– The best track of the first half, and genuinely so. What gives it added weightage are lyrics like, “Give me a feather and I’ll trade you my friend. It’s just a single feather dear, it won’t be the end”, and that’s saying a lot because every other song has great lyrics. Telling a story with your songs is quite a tough task, and if you’re able to do it with a very detailed meaning then you’ve succeeded at what you set out to do.
– It might seem that I’m repeating myself, but what elevate this average track are the lyrics. You don’t need to be a Christian to appreciate their meaning, and I’ve battled my hatred of the labeling of a “Christian” genre for quite long now, but that’s another debate for another day.
8. East to West
– A track that is quite unique, but “unique” doesn’t mean bad… at all. The drumming here is above average, and might stand out as the best of the album upon keener listens. It’s a solid length, too, and never overstays its welcome, so there are a lot of positives to be found here.
9. Wild Heart
– Against the other good tracks, it doesn’t quite stand out. It’s by no means poor, though, but it’s skippable if you’re not in the mood for a thorough listen.
10. The Convicted
– This is the sing-along track of the album, and would definitely be a “live” hit. What hampers this is its “sameness”, if you will, but as a separate song, it’s better than average, surely.
11. Majesty in Misery
– The riff of the song is reminiscent of “Sweet Dreams (Are Made of This)”, which can be a good thing or a bad thing depending on the way you look at it. What carries it through is that it’s probably the song with the deepest meaning with lyrics like, “No rebellious cries with only love in His eyes.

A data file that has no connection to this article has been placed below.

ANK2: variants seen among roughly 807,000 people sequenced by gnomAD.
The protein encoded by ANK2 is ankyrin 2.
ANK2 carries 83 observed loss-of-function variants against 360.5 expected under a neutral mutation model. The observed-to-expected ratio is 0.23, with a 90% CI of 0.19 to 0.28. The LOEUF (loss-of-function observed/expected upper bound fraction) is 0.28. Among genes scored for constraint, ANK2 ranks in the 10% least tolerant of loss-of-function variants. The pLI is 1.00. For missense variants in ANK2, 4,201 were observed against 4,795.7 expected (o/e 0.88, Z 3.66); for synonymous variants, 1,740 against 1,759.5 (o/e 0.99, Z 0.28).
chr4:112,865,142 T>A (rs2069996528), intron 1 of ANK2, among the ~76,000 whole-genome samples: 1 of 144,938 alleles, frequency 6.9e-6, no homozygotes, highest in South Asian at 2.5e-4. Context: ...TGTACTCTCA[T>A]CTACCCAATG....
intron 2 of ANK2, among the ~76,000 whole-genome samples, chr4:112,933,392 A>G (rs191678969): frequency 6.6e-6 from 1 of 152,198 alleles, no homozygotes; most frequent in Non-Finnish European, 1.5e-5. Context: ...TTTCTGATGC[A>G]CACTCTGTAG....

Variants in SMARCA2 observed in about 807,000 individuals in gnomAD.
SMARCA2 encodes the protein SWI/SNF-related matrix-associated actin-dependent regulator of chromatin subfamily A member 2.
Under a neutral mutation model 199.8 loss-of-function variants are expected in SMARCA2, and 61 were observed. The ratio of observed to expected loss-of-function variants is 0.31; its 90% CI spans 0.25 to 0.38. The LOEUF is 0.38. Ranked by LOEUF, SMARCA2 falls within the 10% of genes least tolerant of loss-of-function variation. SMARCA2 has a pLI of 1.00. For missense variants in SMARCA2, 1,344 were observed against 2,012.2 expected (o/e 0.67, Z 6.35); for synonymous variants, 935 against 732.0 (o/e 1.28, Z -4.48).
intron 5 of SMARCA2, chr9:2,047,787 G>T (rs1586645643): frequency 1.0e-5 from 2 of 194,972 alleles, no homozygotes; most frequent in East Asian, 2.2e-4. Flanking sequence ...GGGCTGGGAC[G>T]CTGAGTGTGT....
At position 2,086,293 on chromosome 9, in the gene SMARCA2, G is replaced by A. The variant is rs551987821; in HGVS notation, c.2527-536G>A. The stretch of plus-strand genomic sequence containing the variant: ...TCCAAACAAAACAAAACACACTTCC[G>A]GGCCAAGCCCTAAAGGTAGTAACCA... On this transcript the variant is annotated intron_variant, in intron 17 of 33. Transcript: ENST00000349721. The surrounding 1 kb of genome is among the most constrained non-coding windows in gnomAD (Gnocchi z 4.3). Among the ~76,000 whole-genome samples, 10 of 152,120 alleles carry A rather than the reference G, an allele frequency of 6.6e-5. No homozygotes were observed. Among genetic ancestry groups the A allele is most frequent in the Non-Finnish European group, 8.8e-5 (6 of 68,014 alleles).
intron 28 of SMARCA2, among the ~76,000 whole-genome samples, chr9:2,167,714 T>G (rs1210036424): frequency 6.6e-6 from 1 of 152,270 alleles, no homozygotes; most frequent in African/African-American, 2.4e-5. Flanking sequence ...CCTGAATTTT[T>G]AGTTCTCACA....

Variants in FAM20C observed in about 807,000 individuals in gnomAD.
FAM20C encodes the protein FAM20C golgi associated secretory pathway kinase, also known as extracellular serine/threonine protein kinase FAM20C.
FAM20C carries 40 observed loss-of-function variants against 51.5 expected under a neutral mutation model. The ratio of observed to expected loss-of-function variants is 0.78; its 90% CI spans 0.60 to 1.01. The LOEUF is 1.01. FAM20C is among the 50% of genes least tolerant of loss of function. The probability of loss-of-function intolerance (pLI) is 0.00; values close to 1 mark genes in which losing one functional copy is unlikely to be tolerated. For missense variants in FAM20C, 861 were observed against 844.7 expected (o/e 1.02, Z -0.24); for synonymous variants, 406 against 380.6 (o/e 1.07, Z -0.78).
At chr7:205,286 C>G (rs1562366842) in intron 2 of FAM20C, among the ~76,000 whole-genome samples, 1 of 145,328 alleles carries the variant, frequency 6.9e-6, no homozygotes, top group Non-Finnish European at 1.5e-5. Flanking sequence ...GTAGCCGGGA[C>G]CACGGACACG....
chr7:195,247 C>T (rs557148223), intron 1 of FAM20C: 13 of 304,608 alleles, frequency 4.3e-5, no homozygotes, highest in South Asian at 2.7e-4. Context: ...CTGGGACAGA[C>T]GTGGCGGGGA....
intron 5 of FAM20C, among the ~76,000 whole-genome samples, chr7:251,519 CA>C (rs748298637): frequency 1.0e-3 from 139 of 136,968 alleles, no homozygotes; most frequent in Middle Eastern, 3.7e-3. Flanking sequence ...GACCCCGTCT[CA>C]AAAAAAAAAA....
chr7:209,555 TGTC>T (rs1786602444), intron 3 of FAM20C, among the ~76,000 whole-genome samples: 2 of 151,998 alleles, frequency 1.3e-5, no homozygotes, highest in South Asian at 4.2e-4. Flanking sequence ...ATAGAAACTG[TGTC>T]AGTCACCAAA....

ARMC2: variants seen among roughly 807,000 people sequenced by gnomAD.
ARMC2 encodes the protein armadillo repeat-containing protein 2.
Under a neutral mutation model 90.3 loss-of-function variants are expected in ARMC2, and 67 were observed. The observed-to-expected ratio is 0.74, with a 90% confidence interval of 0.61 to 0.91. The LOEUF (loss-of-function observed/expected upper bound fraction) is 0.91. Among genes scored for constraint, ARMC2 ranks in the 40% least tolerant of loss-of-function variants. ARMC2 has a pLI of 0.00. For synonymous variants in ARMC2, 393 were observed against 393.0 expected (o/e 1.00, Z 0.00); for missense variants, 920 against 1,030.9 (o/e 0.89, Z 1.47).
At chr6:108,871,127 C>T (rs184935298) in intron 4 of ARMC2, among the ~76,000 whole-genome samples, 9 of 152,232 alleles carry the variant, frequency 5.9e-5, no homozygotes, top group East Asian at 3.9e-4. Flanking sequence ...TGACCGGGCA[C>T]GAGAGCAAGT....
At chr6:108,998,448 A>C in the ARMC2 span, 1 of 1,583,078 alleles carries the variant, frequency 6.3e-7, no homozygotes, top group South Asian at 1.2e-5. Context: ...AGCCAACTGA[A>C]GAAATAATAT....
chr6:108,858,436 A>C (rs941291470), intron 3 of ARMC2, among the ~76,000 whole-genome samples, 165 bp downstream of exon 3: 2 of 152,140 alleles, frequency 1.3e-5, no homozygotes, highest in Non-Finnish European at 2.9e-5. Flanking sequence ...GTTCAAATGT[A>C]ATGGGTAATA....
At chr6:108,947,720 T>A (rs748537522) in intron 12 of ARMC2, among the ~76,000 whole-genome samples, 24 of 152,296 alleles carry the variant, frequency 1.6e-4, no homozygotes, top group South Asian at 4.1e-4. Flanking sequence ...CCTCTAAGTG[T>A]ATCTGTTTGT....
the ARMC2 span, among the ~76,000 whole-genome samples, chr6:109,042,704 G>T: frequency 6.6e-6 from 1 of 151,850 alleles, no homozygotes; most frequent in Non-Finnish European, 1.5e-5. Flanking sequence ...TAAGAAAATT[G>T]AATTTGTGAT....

He knew our sin meant His demise”, but it’s as “in-your-face” as the rest, probably intentionally so.
12. The Father’s Bargain
– The customary brooding closer, but it works efficiently in driving their message home. The production is solid here, and the changes in the tempo take the listeners through a pleasurable journey. If I had to deduct rating points somewhere it would be in the fact that the stage was set for a more different track and for them to take the long treaded path is quite deflating, but again, with the lyrics involved, it’s still a great track.
“VxV” doesn’t give Wolves at the Gate a separate identity, but it’ll definitely serve the purpose of bringing in more fans of the genre. They have not redefined the music by any means, but the improvement is quite noticeable. Keener readers would notice a lack of descriptions about the sound, and it’s for the reason that there is nothing special here. The drumming has improved greatly over the last album, but that’s all that can be said in that department. The lyrics are what can be appreciated the most, and like previously mentioned, you don’t need to believe in a higher power to understand it.
If you are a fan of the genre, you’ll dig this album, and if you’re a fan of the band, there’s enough promise here for you to buy and listen to it numerous times. There are many songs that standout here, especially in the middle, and first time listeners might only want to pick them up. There was room for improvement, though, but all in all, this is a nice sophomore effort, if only for the literal meaning behind it.
Overall Rating: 3.5/5
: Return, The Bird and the Snake, Majesty in Misery
This is my first crack at an album review, so feedback would be greatly appreciated. Thanks for checking this out!